Opening Up a Dialogue in Poli Sci
PSSA to Meet With Department Chair Over Grade Curving
The Political Science Student Association is planning to meet with the chair of Concordia’s political science department to address the curving of grades, and the student suing the university over the curve.
PSSA President Fady Toban has decided to meet with the chair following a story published in The Link last week concerning political science student William Groombridge, who is suing the university for what he alleges was a breach of contract due to excessive grading on the bell curve.
Groombridge was one of a handful of students whose grade was dropped from an A-minus to a B-plus following a directive from the department Chair. The decision was due, apparently, to an excess of A-range grades in a particular class; however, no official written policy concerning a cap on A grades seems to exist.
The Link attempted to contact Csaba Nikolenyi, the political science chair, and Arts and Science faculty Student Academic Services Associate Dean Catherine Bolton, but both declined to comment, as the case is still before the courts.
According to the Office of the General Counsel, “the origin and application of the grading policy is, in fact, part of the legal case, so we cannot speak to it at all.”“The situation is really unfortunate, and I do feel bad for the student,” said Toban, expressing that questionable curving of grades in the department came to the attention of the PSSA late last year.
“[Groombridge is] in a situation where there are greater forces at play, and he’s the one who’s really suffering the most,” said Toban.
Toban says that he’s had opportunities to meet with Nikolenyi on various occasions. He believes that his intentions are good, and that Nikolenyi is “very dedicated to students.”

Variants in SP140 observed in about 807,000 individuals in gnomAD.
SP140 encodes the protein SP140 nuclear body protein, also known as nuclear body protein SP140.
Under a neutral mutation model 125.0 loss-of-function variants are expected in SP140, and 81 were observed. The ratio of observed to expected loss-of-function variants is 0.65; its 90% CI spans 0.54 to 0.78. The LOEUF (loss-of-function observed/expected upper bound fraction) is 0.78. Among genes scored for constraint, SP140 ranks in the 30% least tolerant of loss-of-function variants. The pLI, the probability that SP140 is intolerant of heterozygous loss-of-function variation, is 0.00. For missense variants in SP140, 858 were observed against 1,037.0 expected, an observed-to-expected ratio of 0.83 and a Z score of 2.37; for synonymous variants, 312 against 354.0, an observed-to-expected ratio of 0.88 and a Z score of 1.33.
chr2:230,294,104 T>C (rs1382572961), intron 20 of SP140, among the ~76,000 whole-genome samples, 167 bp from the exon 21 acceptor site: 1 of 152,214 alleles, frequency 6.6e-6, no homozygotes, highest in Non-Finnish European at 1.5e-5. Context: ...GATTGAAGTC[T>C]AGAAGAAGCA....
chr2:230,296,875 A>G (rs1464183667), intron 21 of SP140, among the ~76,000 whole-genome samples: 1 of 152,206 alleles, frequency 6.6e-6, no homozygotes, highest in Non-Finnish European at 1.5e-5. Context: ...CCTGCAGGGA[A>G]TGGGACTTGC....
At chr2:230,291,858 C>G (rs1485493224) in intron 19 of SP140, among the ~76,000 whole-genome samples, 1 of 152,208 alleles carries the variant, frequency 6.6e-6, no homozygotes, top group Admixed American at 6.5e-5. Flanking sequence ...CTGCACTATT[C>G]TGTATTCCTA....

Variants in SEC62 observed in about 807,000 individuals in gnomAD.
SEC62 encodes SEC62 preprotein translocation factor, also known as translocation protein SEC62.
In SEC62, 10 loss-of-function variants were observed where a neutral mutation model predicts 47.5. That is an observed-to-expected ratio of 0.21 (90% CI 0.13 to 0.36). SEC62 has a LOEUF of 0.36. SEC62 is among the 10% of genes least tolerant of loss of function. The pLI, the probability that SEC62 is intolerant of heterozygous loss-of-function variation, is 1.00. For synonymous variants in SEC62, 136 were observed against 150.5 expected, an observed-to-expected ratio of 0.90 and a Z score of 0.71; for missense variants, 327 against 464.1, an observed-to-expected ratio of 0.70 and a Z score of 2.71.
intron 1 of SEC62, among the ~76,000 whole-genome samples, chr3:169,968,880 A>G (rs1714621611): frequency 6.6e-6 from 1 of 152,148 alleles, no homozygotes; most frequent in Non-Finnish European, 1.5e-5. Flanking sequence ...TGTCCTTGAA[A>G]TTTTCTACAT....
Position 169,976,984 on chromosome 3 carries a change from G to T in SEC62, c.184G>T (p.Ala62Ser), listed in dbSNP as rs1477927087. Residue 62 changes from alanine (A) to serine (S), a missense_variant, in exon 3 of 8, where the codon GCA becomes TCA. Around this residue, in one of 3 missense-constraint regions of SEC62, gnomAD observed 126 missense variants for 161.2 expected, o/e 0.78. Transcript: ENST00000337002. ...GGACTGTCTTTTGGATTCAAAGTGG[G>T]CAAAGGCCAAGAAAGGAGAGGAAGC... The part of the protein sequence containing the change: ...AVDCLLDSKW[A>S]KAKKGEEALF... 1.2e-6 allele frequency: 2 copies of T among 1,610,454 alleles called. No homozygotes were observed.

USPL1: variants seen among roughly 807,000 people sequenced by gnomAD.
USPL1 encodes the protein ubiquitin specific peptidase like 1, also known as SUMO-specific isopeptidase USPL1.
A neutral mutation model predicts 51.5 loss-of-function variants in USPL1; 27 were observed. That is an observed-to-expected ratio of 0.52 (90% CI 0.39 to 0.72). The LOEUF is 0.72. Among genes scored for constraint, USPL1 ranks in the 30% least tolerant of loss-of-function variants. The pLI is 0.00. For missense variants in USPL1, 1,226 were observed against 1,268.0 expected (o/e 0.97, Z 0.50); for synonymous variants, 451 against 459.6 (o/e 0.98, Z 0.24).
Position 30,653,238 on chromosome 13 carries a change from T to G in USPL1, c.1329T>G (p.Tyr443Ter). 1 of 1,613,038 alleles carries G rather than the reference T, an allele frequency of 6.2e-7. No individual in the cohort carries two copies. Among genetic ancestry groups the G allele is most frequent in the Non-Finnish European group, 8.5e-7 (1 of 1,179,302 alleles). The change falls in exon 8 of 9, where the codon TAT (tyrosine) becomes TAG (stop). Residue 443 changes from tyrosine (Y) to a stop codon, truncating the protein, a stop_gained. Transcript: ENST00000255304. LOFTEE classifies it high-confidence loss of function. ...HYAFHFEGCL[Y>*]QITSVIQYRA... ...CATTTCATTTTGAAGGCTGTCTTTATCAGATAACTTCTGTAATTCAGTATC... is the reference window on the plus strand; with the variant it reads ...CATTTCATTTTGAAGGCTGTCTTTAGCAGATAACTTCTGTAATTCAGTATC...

“[The PSSA] wants to find a student-friendly solution, but obviously with respect to the department,” said Toban.
To that end, the PSSA will be convening for a regular departmental council meeting on Nov. 7, at which point Toban intends to discuss the situation with his members.
The association will write and publish a formal statement regarding the issue at next week’s meeting, but not before consulting with Nikolenyi.
“I think it’s important that, before we release any statement from the department council about what’s going on, we talk to the chair and understand his point of view,” said Toban.
“At least this way we can open up dialogue so that we can explain to him what students are saying and so we can also understand where he is coming from.”
While Toban maintains that the PSSA cannot reverse the decisions of the department, he does intend to follow through with discussions and try to come to some form of resolution.
“It’s unfortunate because it’s the students that seem to be suffering the most, because they are in a situation where they are caught between professors and the department,” said Toban.
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